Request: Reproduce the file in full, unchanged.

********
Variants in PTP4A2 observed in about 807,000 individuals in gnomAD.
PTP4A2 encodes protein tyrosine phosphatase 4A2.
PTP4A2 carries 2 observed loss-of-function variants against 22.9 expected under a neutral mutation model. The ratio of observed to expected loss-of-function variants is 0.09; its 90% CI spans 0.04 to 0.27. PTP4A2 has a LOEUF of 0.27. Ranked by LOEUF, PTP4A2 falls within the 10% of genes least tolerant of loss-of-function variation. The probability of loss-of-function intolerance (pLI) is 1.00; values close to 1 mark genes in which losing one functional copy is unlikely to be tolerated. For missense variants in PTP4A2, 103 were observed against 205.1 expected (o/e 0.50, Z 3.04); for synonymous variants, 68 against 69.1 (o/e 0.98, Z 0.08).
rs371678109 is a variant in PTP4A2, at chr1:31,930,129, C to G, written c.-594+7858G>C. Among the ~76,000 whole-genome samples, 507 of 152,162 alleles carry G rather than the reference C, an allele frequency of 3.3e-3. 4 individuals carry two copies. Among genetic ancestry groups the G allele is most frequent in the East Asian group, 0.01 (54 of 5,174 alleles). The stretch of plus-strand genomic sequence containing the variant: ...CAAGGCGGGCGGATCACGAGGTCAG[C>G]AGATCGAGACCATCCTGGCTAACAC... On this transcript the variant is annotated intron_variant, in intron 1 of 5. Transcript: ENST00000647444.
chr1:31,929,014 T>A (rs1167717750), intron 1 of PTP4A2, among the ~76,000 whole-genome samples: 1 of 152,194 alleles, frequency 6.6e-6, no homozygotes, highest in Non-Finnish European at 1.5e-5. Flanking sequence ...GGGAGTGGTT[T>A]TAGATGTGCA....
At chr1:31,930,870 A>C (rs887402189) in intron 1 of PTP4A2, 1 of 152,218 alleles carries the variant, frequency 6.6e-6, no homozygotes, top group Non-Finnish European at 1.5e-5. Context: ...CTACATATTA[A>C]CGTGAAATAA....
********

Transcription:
Variants in PTP4A2 observed in about 807,000 individuals in gnomAD.
PTP4A2 encodes protein tyrosine phosphatase 4A2.
PTP4A2 carries 2 observed loss-of-function variants against 22.9 expected under a neutral mutation model. The ratio of observed to expected loss-of-function variants is 0.09; its 90% CI spans 0.04 to 0.27. PTP4A2 has a LOEUF of 0.27. Ranked by LOEUF, PTP4A2 falls within the 10% of genes least tolerant of loss-of-function variation. The probability of loss-of-function intolerance (pLI) is 1.00; values close to 1 mark genes in which losing one functional copy is unlikely to be tolerated. For missense variants in PTP4A2, 103 were observed against 205.1 expected (o/e 0.50, Z 3.04); for synonymous variants, 68 against 69.1 (o/e 0.98, Z 0.08).
rs371678109 is a variant in PTP4A2, at chr1:31,930,129, C to G, written c.-594+7858G>C. Among the ~76,000 whole-genome samples, 507 of 152,162 alleles carry G rather than the reference C, an allele frequency of 3.3e-3. 4 individuals carry two copies. Among genetic ancestry groups the G allele is most frequent in the East Asian group, 0.01 (54 of 5,174 alleles). The stretch of plus-strand genomic sequence containing the variant: ...CAAGGCGGGCGGATCACGAGGTCAG[C>G]AGATCGAGACCATCCTGGCTAACAC... On this transcript the variant is annotated intron_variant, in intron 1 of 5. Transcript: ENST00000647444.
chr1:31,929,014 T>A (rs1167717750), intron 1 of PTP4A2, among the ~76,000 whole-genome samples: 1 of 152,194 alleles, frequency 6.6e-6, no homozygotes, highest in Non-Finnish European at 1.5e-5. Flanking sequence ...GGGAGTGGTT[T>A]TAGATGTGCA....
At chr1:31,930,870 A>C (rs887402189) in intron 1 of PTP4A2, 1 of 152,218 alleles carries the variant, frequency 6.6e-6, no homozygotes, top group Non-Finnish European at 1.5e-5. Context: ...CTACATATTA[A>C]CGTGAAATAA....